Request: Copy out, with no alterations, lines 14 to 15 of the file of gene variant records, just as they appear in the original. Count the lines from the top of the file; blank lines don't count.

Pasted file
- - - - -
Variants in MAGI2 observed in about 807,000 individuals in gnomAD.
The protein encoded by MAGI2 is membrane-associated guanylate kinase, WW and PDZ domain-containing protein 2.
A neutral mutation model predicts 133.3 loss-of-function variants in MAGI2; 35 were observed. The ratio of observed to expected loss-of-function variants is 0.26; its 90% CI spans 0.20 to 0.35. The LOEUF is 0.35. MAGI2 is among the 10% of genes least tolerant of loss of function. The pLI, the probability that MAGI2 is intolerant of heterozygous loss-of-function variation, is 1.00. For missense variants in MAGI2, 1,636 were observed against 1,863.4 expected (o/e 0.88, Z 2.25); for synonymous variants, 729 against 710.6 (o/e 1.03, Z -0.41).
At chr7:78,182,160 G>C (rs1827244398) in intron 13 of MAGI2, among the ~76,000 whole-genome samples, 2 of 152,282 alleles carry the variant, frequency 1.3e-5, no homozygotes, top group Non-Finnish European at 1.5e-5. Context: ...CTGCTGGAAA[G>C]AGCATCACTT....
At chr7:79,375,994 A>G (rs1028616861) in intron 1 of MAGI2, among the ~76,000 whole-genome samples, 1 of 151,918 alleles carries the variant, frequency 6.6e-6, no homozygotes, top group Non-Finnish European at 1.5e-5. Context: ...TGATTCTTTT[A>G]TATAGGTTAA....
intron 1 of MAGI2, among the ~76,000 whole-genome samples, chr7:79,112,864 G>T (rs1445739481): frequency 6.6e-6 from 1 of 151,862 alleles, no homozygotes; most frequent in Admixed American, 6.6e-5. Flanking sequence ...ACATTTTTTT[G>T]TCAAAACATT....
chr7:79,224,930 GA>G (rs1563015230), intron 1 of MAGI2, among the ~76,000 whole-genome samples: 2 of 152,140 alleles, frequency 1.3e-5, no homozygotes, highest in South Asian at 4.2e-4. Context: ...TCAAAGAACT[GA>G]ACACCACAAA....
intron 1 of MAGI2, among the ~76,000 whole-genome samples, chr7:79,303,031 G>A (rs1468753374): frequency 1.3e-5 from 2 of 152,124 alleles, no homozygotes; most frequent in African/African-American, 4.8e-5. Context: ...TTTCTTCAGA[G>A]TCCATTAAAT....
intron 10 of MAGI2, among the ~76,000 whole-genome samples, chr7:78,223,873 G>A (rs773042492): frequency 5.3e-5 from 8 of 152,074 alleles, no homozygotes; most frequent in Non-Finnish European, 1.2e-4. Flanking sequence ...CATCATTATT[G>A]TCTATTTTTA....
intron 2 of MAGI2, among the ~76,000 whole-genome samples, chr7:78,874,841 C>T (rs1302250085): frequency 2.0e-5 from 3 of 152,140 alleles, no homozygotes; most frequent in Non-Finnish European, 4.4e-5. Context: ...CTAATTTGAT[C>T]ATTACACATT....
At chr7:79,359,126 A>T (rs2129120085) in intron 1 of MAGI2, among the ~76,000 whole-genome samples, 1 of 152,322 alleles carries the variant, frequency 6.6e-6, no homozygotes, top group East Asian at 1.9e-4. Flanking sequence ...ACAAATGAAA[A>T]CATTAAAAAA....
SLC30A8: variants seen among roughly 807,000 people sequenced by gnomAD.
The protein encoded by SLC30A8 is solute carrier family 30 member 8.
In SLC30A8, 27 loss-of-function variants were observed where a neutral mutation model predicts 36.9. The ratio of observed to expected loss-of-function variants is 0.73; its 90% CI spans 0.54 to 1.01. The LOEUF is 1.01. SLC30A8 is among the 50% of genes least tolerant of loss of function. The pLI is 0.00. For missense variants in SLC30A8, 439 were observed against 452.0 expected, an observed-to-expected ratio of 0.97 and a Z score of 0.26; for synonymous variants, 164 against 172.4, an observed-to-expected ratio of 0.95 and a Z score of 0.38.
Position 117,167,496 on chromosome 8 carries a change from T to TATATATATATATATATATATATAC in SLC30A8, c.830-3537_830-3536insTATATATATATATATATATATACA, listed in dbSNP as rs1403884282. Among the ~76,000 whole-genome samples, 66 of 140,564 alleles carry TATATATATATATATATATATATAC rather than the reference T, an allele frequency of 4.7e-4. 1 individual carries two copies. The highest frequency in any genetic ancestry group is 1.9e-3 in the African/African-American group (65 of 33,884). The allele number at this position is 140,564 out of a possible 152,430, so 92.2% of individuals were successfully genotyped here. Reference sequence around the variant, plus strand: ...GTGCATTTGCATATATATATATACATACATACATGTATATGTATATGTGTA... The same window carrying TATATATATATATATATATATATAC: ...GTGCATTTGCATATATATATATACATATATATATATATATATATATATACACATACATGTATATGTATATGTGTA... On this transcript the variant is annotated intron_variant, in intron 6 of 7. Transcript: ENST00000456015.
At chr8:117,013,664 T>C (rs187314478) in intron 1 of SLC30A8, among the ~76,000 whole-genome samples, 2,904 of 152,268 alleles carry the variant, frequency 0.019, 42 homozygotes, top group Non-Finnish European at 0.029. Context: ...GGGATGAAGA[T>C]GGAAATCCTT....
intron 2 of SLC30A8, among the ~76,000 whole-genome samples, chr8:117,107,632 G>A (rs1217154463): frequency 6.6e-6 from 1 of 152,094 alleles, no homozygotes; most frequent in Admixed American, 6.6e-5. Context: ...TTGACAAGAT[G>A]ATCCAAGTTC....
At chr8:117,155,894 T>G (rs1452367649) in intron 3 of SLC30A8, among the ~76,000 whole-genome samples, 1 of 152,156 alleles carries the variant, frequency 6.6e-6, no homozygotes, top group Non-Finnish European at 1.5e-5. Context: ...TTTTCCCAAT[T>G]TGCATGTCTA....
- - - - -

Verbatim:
In SLC30A8, 27 loss-of-function variants were observed where a neutral mutation model predicts 36.9. The ratio of observed to expected loss-of-function variants is 0.73; its 90% CI spans 0.54 to 1.01. The LOEUF is 1.01. SLC30A8 is among the 50% of genes least tolerant of loss of function. The pLI is 0.00. For missense variants in SLC30A8, 439 were observed against 452.0 expected, an observed-to-expected ratio of 0.97 and a Z score of 0.26; for synonymous variants, 164 against 172.4, an observed-to-expected ratio of 0.95 and a Z score of 0.38.
Position 117,167,496 on chromosome 8 carries a change from T to TATATATATATATATATATATATAC in SLC30A8, c.830-3537_830-3536insTATATATATATATATATATATACA, listed in dbSNP as rs1403884282. Among the ~76,000 whole-genome samples, 66 of 140,564 alleles carry TATATATATATATATATATATATAC rather than the reference T, an allele frequency of 4.7e-4. 1 individual carries two copies. The highest frequency in any genetic ancestry group is 1.9e-3 in the African/African-American group (65 of 33,884). The allele number at this position is 140,564 out of a possible 152,430, so 92.2% of individuals were successfully genotyped here. Reference sequence around the variant, plus strand: ...GTGCATTTGCATATATATATATACATACATACATGTATATGTATATGTGTA... The same window carrying TATATATATATATATATATATATAC: ...GTGCATTTGCATATATATATATACATATATATATATATATATATATATACACATACATGTATATGTATATGTGTA... On this transcript the variant is annotated intron_variant, in intron 6 of 7. Transcript: ENST00000456015.